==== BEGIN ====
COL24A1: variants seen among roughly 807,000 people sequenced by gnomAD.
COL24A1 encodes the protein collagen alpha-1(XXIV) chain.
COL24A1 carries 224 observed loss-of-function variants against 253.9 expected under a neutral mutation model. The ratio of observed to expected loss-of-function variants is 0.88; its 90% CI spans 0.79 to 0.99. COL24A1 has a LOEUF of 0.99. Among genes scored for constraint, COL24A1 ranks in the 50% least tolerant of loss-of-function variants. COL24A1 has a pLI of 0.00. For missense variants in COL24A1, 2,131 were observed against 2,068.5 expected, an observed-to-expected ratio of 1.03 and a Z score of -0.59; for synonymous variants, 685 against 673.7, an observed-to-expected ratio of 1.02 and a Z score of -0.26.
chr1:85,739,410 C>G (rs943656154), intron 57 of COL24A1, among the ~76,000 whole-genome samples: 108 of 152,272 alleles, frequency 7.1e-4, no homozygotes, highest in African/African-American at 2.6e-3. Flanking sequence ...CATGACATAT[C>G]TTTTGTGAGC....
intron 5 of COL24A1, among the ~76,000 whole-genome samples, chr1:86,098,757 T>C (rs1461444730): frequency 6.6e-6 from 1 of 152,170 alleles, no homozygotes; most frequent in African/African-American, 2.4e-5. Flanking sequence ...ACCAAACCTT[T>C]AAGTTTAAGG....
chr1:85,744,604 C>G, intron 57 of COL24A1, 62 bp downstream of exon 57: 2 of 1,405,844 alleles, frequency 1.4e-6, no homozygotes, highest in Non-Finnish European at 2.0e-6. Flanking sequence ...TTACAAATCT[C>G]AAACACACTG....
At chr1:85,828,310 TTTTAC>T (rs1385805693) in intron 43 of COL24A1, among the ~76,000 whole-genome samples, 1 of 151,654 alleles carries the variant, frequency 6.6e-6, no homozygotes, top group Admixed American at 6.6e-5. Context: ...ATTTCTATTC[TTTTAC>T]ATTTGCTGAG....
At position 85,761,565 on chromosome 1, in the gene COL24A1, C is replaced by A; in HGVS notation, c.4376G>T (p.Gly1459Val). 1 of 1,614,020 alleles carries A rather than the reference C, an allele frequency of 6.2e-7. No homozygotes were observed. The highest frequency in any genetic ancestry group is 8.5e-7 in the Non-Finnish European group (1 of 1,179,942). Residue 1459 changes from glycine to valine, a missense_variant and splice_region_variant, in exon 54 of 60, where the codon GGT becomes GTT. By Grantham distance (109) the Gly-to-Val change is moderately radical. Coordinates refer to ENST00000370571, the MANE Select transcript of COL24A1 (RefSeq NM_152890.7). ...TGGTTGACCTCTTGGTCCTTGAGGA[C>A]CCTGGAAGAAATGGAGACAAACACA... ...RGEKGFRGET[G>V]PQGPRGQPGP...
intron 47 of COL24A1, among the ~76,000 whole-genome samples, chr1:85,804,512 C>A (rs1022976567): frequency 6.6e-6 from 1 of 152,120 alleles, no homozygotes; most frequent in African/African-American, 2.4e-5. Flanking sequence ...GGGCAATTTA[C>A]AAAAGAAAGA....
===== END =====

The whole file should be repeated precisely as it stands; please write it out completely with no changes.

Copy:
COL24A1: variants seen among roughly 807,000 people sequenced by gnomAD.
COL24A1 encodes the protein collagen alpha-1(XXIV) chain.
COL24A1 carries 224 observed loss-of-function variants against 253.9 expected under a neutral mutation model. The ratio of observed to expected loss-of-function variants is 0.88; its 90% CI spans 0.79 to 0.99. COL24A1 has a LOEUF of 0.99. Among genes scored for constraint, COL24A1 ranks in the 50% least tolerant of loss-of-function variants. COL24A1 has a pLI of 0.00. For missense variants in COL24A1, 2,131 were observed against 2,068.5 expected, an observed-to-expected ratio of 1.03 and a Z score of -0.59; for synonymous variants, 685 against 673.7, an observed-to-expected ratio of 1.02 and a Z score of -0.26.
chr1:85,739,410 C>G (rs943656154), intron 57 of COL24A1, among the ~76,000 whole-genome samples: 108 of 152,272 alleles, frequency 7.1e-4, no homozygotes, highest in African/African-American at 2.6e-3. Flanking sequence ...CATGACATAT[C>G]TTTTGTGAGC....
intron 5 of COL24A1, among the ~76,000 whole-genome samples, chr1:86,098,757 T>C (rs1461444730): frequency 6.6e-6 from 1 of 152,170 alleles, no homozygotes; most frequent in African/African-American, 2.4e-5. Flanking sequence ...ACCAAACCTT[T>C]AAGTTTAAGG....
chr1:85,744,604 C>G, intron 57 of COL24A1, 62 bp downstream of exon 57: 2 of 1,405,844 alleles, frequency 1.4e-6, no homozygotes, highest in Non-Finnish European at 2.0e-6. Flanking sequence ...TTACAAATCT[C>G]AAACACACTG....
At chr1:85,828,310 TTTTAC>T (rs1385805693) in intron 43 of COL24A1, among the ~76,000 whole-genome samples, 1 of 151,654 alleles carries the variant, frequency 6.6e-6, no homozygotes, top group Admixed American at 6.6e-5. Context: ...ATTTCTATTC[TTTTAC>T]ATTTGCTGAG....
At position 85,761,565 on chromosome 1, in the gene COL24A1, C is replaced by A; in HGVS notation, c.4376G>T (p.Gly1459Val). 1 of 1,614,020 alleles carries A rather than the reference C, an allele frequency of 6.2e-7. No homozygotes were observed. The highest frequency in any genetic ancestry group is 8.5e-7 in the Non-Finnish European group (1 of 1,179,942). Residue 1459 changes from glycine to valine, a missense_variant and splice_region_variant, in exon 54 of 60, where the codon GGT becomes GTT. By Grantham distance (109) the Gly-to-Val change is moderately radical. Coordinates refer to ENST00000370571, the MANE Select transcript of COL24A1 (RefSeq NM_152890.7). ...TGGTTGACCTCTTGGTCCTTGAGGA[C>A]CCTGGAAGAAATGGAGACAAACACA... ...RGEKGFRGET[G>V]PQGPRGQPGP...
intron 47 of COL24A1, among the ~76,000 whole-genome samples, chr1:85,804,512 C>A (rs1022976567): frequency 6.6e-6 from 1 of 152,120 alleles, no homozygotes; most frequent in African/African-American, 2.4e-5. Flanking sequence ...GGGCAATTTA[C>A]AAAAGAAAGA....